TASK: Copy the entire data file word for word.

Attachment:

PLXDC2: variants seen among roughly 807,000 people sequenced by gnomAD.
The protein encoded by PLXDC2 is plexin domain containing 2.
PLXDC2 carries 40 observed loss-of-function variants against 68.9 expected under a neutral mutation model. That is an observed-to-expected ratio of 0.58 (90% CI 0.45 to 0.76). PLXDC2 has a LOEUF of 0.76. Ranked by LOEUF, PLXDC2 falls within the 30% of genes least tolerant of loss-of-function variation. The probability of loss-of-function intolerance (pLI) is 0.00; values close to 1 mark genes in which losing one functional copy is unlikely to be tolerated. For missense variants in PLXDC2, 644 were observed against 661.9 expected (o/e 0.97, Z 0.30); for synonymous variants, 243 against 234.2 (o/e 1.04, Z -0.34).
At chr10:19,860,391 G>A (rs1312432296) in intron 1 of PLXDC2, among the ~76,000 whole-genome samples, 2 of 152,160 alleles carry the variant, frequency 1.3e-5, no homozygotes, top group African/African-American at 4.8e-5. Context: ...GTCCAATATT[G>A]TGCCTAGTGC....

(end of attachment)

PLXDC2: variants seen among roughly 807,000 people sequenced by gnomAD.
The protein encoded by PLXDC2 is plexin domain containing 2.
PLXDC2 carries 40 observed loss-of-function variants against 68.9 expected under a neutral mutation model. That is an observed-to-expected ratio of 0.58 (90% CI 0.45 to 0.76). PLXDC2 has a LOEUF of 0.76. Ranked by LOEUF, PLXDC2 falls within the 30% of genes least tolerant of loss-of-function variation. The probability of loss-of-function intolerance (pLI) is 0.00; values close to 1 mark genes in which losing one functional copy is unlikely to be tolerated. For missense variants in PLXDC2, 644 were observed against 661.9 expected (o/e 0.97, Z 0.30); for synonymous variants, 243 against 234.2 (o/e 1.04, Z -0.34).
At chr10:19,860,391 G>A (rs1312432296) in intron 1 of PLXDC2, among the ~76,000 whole-genome samples, 2 of 152,160 alleles carry the variant, frequency 1.3e-5, no homozygotes, top group African/African-American at 4.8e-5. Context: ...GTCCAATATT[G>A]TGCCTAGTGC....